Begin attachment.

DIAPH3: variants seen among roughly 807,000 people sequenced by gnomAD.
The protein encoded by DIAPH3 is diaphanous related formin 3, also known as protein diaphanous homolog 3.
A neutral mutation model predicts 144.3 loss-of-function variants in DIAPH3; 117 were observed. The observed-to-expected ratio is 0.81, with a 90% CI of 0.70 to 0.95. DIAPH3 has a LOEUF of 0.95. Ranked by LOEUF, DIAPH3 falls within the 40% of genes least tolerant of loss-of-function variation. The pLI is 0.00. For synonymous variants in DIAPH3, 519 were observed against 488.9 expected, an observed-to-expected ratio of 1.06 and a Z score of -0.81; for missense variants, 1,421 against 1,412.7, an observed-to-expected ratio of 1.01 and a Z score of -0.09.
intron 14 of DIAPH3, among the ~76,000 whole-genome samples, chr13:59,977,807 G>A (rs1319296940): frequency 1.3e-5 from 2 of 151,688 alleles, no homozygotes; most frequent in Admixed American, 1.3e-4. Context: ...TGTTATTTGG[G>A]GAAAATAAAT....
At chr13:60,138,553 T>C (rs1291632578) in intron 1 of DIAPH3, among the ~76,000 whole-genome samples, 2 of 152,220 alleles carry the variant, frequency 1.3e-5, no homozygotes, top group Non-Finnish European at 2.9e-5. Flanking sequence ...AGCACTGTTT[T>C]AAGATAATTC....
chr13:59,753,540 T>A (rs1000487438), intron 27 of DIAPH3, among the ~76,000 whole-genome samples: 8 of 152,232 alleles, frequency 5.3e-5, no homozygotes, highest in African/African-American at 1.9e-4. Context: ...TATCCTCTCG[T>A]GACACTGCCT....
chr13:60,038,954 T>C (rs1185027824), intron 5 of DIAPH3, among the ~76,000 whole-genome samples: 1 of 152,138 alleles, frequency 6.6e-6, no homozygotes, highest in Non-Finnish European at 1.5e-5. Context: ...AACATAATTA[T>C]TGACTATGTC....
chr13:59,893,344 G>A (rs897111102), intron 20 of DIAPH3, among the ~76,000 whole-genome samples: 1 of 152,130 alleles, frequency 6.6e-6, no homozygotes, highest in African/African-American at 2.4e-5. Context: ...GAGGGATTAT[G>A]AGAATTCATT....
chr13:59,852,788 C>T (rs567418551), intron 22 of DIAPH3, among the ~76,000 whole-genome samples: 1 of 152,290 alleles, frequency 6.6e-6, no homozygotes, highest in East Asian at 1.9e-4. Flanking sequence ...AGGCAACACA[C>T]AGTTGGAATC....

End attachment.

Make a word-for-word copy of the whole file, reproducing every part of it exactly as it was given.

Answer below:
DIAPH3: variants seen among roughly 807,000 people sequenced by gnomAD.
The protein encoded by DIAPH3 is diaphanous related formin 3, also known as protein diaphanous homolog 3.
A neutral mutation model predicts 144.3 loss-of-function variants in DIAPH3; 117 were observed. The observed-to-expected ratio is 0.81, with a 90% CI of 0.70 to 0.95. DIAPH3 has a LOEUF of 0.95. Ranked by LOEUF, DIAPH3 falls within the 40% of genes least tolerant of loss-of-function variation. The pLI is 0.00. For synonymous variants in DIAPH3, 519 were observed against 488.9 expected, an observed-to-expected ratio of 1.06 and a Z score of -0.81; for missense variants, 1,421 against 1,412.7, an observed-to-expected ratio of 1.01 and a Z score of -0.09.
intron 14 of DIAPH3, among the ~76,000 whole-genome samples, chr13:59,977,807 G>A (rs1319296940): frequency 1.3e-5 from 2 of 151,688 alleles, no homozygotes; most frequent in Admixed American, 1.3e-4. Context: ...TGTTATTTGG[G>A]GAAAATAAAT....
At chr13:60,138,553 T>C (rs1291632578) in intron 1 of DIAPH3, among the ~76,000 whole-genome samples, 2 of 152,220 alleles carry the variant, frequency 1.3e-5, no homozygotes, top group Non-Finnish European at 2.9e-5. Flanking sequence ...AGCACTGTTT[T>C]AAGATAATTC....
chr13:59,753,540 T>A (rs1000487438), intron 27 of DIAPH3, among the ~76,000 whole-genome samples: 8 of 152,232 alleles, frequency 5.3e-5, no homozygotes, highest in African/African-American at 1.9e-4. Context: ...TATCCTCTCG[T>A]GACACTGCCT....
chr13:60,038,954 T>C (rs1185027824), intron 5 of DIAPH3, among the ~76,000 whole-genome samples: 1 of 152,138 alleles, frequency 6.6e-6, no homozygotes, highest in Non-Finnish European at 1.5e-5. Context: ...AACATAATTA[T>C]TGACTATGTC....
chr13:59,893,344 G>A (rs897111102), intron 20 of DIAPH3, among the ~76,000 whole-genome samples: 1 of 152,130 alleles, frequency 6.6e-6, no homozygotes, highest in African/African-American at 2.4e-5. Context: ...GAGGGATTAT[G>A]AGAATTCATT....
chr13:59,852,788 C>T (rs567418551), intron 22 of DIAPH3, among the ~76,000 whole-genome samples: 1 of 152,290 alleles, frequency 6.6e-6, no homozygotes, highest in East Asian at 1.9e-4. Flanking sequence ...AGGCAACACA[C>T]AGTTGGAATC....